Dominic Cummings says evidence will show Boris Johnson “lied to parliament” when he denied knowing about the No 10 garden party, plunging his position deeper into jeopardy.
An email sent by “a very senior official” warned the “bring your own booze” event broke Covid rules, the exiled former chief aide claims – blowing apart the prime minister’s defence that he thought it was “a work event”.
In an explosive blog post, Mr Cummings wrote: “Not only me but other eyewitnesses who discussed this at the time would swear under oath this is what happened.”
The warning came after No 10 denied Mr Johnson was “warned about” a party, or that he told aides objecting to garden gathering that they were “overreacting”.
Many MPs believe Mr Johnson cannot survive in office if it is shown that he misled parliament with his repeated denials that parties took place with his knowledge.
But, in his post, Mr Cummings said that, after Mr Johnson’s private secretary Martin Reynolds sent the party invitation, “a very senior official replied by email saying the invite broke the rules”.
“This email will be seen by Sue Gray (unless there is a foolish coverup which would also probably be a criminal offence),” he has written – of the senior civil servant leading the investigation.
Mr Cummings claimed Mr Reynolds told him he would “check with the PM if he’s happy for it to go ahead”, on 20 May 2020.
“I am sure he did check with the PM. (I think it very likely another senior official spoke to the PM about it but I am not sure),” the post stated.
And it added: “The idea that the PPS [principal private secretary] would be challenged by two of the most senior people in the building, say he’d check with the PM then not – is not credible.”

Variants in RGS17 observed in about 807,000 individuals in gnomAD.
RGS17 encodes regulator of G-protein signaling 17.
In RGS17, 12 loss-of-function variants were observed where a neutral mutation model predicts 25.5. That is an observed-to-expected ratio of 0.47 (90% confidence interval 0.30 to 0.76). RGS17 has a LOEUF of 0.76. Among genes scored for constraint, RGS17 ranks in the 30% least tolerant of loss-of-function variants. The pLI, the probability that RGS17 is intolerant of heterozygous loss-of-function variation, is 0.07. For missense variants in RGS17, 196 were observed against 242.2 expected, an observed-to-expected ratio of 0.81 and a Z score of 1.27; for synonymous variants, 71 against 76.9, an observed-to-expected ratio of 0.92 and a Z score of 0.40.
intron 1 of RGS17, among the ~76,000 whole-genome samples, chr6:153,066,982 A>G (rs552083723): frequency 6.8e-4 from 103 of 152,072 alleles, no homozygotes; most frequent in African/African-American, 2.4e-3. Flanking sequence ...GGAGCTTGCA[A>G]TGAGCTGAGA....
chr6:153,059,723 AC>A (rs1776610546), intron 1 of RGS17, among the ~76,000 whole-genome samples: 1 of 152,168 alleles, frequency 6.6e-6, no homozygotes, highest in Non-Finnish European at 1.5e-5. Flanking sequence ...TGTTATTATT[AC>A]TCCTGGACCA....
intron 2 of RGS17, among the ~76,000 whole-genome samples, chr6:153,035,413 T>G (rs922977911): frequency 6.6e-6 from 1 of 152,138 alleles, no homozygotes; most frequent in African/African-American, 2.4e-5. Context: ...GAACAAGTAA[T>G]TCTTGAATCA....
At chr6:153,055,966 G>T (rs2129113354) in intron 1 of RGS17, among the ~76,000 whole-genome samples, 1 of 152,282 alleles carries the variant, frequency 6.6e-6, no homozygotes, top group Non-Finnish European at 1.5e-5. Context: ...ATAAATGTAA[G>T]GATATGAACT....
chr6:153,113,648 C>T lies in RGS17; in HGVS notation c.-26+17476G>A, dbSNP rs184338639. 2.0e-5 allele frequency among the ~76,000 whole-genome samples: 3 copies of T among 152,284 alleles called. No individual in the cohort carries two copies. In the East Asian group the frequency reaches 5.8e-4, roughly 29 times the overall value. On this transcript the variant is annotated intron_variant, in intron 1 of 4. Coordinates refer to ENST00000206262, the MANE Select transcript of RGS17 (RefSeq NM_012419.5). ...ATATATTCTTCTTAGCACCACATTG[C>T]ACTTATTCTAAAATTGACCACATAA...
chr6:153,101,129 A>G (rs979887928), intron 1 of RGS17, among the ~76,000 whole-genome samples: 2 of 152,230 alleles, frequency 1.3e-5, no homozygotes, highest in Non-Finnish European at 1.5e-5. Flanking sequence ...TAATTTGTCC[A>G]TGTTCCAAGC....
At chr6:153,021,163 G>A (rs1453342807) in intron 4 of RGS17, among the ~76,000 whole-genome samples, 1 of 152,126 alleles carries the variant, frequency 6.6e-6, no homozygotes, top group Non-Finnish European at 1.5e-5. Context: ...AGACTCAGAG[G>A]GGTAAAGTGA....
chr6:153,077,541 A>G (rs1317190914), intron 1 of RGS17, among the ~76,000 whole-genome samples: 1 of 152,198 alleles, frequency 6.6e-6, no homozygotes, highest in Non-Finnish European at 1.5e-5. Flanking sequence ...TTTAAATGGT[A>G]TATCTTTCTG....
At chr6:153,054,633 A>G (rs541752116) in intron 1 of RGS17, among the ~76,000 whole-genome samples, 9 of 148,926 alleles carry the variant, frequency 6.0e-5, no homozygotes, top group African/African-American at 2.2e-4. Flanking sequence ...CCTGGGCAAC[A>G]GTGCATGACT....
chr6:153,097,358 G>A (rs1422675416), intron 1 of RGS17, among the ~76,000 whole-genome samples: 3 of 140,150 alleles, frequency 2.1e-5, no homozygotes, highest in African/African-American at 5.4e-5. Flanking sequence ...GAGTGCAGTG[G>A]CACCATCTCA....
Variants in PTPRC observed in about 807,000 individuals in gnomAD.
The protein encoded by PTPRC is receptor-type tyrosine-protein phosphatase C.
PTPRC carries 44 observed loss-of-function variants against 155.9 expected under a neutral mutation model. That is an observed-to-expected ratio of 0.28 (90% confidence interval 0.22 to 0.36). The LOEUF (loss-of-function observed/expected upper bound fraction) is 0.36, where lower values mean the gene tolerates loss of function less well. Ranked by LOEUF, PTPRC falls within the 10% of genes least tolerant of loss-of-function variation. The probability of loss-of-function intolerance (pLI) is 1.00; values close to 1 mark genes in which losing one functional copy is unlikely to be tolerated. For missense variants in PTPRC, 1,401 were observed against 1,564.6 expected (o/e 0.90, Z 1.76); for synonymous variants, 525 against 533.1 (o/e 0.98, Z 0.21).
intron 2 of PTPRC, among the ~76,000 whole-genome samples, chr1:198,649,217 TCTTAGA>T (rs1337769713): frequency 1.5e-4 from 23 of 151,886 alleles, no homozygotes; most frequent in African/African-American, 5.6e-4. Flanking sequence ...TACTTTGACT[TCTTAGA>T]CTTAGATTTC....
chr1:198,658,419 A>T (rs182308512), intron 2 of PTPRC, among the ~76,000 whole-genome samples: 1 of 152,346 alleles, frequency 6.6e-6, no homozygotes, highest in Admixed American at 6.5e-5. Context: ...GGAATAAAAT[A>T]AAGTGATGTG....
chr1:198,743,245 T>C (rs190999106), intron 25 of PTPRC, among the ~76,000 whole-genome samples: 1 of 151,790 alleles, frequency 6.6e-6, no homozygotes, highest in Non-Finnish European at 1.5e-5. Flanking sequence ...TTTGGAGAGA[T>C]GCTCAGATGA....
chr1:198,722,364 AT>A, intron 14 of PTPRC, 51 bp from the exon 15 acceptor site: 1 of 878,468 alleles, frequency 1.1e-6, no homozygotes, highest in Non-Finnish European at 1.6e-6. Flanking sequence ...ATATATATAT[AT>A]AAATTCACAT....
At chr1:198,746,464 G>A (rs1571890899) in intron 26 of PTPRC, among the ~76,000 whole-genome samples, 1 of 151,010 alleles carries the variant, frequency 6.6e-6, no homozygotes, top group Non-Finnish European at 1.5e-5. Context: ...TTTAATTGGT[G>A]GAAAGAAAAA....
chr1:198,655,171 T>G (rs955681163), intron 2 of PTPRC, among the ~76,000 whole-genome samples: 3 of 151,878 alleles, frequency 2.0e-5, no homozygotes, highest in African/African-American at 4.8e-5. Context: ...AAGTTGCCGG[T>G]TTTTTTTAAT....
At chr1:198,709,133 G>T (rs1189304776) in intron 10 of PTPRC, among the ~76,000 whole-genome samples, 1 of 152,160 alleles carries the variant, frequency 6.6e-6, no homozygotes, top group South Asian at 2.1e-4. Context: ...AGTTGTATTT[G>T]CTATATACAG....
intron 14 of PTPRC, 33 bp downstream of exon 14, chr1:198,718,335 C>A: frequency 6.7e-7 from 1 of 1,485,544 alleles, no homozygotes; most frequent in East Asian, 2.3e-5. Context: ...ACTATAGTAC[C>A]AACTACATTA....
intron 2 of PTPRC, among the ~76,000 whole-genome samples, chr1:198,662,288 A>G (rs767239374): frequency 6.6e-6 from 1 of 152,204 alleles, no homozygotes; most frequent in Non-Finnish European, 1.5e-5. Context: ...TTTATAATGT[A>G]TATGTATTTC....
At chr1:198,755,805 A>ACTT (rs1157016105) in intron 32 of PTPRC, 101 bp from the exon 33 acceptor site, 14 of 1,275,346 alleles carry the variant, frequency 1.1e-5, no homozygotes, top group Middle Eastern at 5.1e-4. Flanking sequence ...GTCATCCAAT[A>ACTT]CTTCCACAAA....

Mr Cummings wrote: “The events of 20 May alone, never mind the string of other events, mean the PM lied to Parliament about parties.
“Not only me but other eyewitnesses who discussed this at the time would swear under oath this is what happened.”
The fresh allegations came as one senior Tory backbencher warned people are disinclined to let Mr Johnson off the hook for the rash of lockdown-busting parties.
“Right now, listening to the public who remember very well all the sacrifices they made, I think people may well be too angry to forgive,” former minister Steve Baker said.
Asked for the scale of the anger in his Wycombe constituency, Mr Baker replied: “Absolutely furious.”
Conservative MPs are contemplating the growing evidence that voters want Mr Johnson to quit, even before Ms Gray concludes her inquiry later this week or next week.
No 10 refused to say whether the prime minister has been interviewed by her, but said the “full” report will be published when it is ready – not just its key findings.
The allegation that Mr Johnson was warned that he should scrap the garden party was made first by his close friend Dominic Lawson, in a column for The Sunday Times.
Mr Lawson said an official also him that “at least two people” had alerted the prime minister that “this was “a party” and should be immediately cancelled”.
“I was told that Johnson’s dismissive response was to say they were “overreacting” and to praise Reynolds as “my loyal Labrador”,” the columnist wrote.
But, on Sunday, a No 10 spokesman said: “It is untrue that the prime minister was warned about the event in advance. As he said earlier this week, he believed implicitly that this was a work event.”
In his blog, Mr Cummings also said he expected the Gray inquiry would get to the bottom of his earlier allegation that he stopped Mr Johnson visiting the Queen “when he might have been infectious”.
“This episode was also witnessed by others who will tell the official inquiry that what I have said is true and the official denials are false,” he has written.
And he warned: “There are many other photos of parties after I left yet to appear. I’ll say more when SG’s [Sue Gray’s] report is published.”
The former aide also attacked Downing Street briefings about a “drinking culture” in No 10, arguing it was false and “intended to shift blame”.